Audio Note UK, shown at RMAF by its US distributor AudioFederation.com, chose the Denver Show for the world premiere of its first USB-input DAC. The DAC 0.1X, an entry-level product that features neither anti-alias filtering nor oversampling, and uses a teeny little 6111WA dual-triode output tube that is said to behave like a 12AU7 but last a staggering 100,000 hours, was making fine sound paired with a complete line of Audio Note components and cables.
Although they looked the same, the Audio Note UK E/SPe HE 98dB-sensitive loudspeakers ($9300/pair plus $650 for the stands) were a larger version of what I heard at AXPONA Chicago. In a system that also included Audio Note UK’s CDT Three top-loading CD transport ($12,000), DAC3.1x / II Balanced ($10,000), and OTO SE Signature integrated amplifier ($5500, or $6300 with phono), a very warm and mellow midrange triumphed on Jane Monheit’s “More than You Will Ever Know” from the album, Neverland. A further listen to a cut from Hazmat Modine’s Bahamut convinced that this is a system for midrange lovers über alles.
Although Misty Ellis' atmospherically lit room was a challenge to photograph, the sound this company from Columbus, OH put together from a big-bucks system headed by the Audio Power Labs 833TNT 200W transformer-coupled monoblocks ($175,000/pair), Tidal Audio Contriva Diacera SE floorstanding speakers ($58,190/pair in piano black, $64,190/pair in African Pyramid Mahogany as shown), and Laufer Teknik The Memory Player 64 ($24,600) was as tantalizing and satisfying as its visuals. Initially marred by an exaggerated midrange and treble resonances, everything improved immensely when Tidal dealer Doug White, the extremely conscious proprietor of The Voice That Is in Newtown Square (Philadelphia), PA, removed the preamp responsible for the imbalance.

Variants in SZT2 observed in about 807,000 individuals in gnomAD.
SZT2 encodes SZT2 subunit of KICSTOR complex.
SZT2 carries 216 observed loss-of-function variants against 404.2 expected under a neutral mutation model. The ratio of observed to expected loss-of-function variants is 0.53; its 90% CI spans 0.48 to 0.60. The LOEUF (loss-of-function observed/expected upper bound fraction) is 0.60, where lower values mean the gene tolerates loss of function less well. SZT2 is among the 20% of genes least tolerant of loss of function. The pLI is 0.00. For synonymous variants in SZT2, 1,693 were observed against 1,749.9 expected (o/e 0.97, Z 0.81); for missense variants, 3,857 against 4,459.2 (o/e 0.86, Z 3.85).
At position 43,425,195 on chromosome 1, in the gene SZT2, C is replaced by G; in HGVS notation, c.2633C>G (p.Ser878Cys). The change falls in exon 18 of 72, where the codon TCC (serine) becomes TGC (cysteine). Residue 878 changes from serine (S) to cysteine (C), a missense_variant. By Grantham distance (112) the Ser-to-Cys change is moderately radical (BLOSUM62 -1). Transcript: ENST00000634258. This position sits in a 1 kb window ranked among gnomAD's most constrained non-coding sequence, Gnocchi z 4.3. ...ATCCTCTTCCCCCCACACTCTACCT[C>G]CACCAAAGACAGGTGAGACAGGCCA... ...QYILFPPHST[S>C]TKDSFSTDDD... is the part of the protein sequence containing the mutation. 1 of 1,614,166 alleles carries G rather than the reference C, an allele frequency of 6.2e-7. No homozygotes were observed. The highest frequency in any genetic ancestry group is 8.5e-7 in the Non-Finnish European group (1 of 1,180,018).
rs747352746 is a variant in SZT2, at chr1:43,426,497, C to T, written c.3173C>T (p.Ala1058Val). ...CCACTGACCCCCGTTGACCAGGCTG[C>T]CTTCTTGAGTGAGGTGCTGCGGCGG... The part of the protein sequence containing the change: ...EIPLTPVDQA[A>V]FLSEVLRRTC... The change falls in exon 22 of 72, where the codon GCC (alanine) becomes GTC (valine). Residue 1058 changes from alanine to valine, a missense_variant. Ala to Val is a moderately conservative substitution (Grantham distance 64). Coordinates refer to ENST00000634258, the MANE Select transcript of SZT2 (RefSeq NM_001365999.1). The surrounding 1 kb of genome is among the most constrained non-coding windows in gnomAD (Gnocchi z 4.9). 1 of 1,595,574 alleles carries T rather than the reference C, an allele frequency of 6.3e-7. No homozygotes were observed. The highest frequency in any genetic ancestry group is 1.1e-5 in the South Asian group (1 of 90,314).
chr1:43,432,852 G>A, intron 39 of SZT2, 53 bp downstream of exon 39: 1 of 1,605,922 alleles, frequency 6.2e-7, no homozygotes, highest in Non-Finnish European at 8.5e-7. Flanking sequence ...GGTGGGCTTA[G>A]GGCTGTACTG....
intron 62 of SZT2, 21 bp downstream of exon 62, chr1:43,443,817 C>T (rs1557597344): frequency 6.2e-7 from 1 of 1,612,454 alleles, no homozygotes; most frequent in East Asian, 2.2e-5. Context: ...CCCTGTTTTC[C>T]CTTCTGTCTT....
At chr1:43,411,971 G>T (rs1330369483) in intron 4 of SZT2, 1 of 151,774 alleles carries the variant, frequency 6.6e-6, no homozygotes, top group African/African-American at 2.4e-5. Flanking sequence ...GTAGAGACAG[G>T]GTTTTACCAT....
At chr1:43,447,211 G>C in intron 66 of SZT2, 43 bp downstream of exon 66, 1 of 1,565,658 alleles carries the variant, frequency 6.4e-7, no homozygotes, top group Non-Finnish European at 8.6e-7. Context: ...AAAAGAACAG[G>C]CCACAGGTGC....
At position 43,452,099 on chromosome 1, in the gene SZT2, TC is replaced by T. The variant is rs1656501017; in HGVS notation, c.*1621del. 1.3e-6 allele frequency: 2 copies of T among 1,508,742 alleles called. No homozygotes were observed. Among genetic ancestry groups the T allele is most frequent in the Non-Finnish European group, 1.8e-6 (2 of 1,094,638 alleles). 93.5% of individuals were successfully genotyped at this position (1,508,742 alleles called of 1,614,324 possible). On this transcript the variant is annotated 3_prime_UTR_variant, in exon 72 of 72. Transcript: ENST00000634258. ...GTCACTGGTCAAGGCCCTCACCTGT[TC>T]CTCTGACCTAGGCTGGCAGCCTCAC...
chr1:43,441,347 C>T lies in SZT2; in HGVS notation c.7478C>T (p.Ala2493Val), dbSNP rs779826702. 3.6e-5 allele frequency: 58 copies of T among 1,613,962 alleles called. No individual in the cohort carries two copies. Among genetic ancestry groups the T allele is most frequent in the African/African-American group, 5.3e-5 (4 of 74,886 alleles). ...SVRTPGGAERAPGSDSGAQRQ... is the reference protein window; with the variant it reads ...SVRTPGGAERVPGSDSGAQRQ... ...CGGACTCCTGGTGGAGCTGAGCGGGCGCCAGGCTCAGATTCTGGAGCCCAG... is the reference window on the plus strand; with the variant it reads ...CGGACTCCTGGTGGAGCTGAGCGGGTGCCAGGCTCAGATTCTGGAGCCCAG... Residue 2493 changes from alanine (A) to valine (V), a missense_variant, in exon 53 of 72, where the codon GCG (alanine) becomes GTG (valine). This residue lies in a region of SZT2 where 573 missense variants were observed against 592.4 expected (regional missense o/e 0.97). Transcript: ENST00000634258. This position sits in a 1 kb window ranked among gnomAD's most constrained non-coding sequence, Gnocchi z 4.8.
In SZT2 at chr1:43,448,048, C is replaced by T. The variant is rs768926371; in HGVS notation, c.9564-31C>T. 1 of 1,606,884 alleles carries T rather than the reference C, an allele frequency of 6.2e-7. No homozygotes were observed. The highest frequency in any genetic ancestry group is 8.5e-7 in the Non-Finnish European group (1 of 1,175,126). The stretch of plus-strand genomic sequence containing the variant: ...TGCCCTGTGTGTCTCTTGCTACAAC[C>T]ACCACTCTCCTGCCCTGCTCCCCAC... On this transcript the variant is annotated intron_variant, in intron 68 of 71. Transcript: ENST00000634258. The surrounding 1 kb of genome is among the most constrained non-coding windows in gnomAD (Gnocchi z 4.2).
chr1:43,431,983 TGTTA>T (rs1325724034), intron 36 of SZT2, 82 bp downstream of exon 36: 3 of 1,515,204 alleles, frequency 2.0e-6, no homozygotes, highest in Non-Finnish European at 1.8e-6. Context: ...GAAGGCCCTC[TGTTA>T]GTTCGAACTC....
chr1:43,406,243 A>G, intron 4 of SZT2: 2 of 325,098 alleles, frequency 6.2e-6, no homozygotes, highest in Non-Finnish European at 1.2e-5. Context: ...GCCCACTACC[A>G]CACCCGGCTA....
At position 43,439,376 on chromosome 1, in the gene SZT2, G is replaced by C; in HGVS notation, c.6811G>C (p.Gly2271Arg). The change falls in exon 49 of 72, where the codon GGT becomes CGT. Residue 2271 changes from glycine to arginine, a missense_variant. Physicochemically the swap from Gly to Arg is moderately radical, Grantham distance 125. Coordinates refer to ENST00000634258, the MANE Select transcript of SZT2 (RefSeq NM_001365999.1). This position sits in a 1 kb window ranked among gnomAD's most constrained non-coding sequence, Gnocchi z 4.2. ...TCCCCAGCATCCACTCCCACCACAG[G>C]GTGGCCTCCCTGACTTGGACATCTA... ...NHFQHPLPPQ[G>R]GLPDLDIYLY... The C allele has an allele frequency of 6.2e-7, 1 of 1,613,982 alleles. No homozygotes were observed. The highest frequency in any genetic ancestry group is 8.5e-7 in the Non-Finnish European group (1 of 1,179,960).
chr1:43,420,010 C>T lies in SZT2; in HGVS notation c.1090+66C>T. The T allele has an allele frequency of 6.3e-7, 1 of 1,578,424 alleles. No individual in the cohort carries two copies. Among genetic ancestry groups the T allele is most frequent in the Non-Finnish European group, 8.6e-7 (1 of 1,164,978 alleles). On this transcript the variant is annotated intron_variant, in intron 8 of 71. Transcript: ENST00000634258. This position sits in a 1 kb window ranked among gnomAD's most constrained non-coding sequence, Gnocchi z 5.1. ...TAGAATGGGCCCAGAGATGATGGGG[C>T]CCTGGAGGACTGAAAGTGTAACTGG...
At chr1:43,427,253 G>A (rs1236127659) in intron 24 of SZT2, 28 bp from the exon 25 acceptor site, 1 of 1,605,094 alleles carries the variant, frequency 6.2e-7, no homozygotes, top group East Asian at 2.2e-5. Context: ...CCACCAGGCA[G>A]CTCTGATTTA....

The Audio Alternative had a number of rooms on the 9th floor of the Denver Marriott Tech Center Tower, the largest of which boasted an impressive set-up. Audio Research Corporation's Anniversary Edition Reference Preamplifier ($24,995), Reference 210 amplifiers ($19,900/pair), Reference Phono 2 ($11,995), Reference CD8 ($9995) and DAC 8 ($4995) were dancing with Vandersteen 7 speakers ($45,000/pair); Linn LP12 turntable, Ekos SE tone arm and Lyra Titan cartridge ($24,000 total); AudioQuest Wild Blue Yonder XLR interconnects ($16,800 for 26'). Wildwood speaker cables ($11,600 for 8'), NRG WBY AC power cords ($4400 for 12'), and WBY XLR interconnects ($4200 for 3'); and Harmonic Resonance Systems SXR 1921 isolation stand ($4995), M3X 2123 isolation base ($2895), and R1-1921 ($1095). (Whew!) The room was full of people making too much noise; the sound loud (there was no choice), impressively big and solid. Short of blowing a whistle, there was nothing I could do except collect literature and promise myself that at the next show, I'll finally get a chance to hear the Vandersteen 7s that received raves at the 2010 CES.
Audio Research's new SP20 tube stereo preamplifier ($9000) combines a full-function linestage and phono stage, and includes a hi-resolution tube-driven headphone output, touchscreen control, remote control, and both balanced and single-ended inputs and outputs. The front panel echoes the Minnesotan company's fabled SP3 preamps from the 1970s. Listening to the company's first preamp in 20 years to include both a linestage and phonostage via Sonus faber Olympica III loudspeakers, I heard both the classic Audio Research midrange and a fast response that served bebop extremely well. Bob Reina is working on an SP20 review for Stereophile.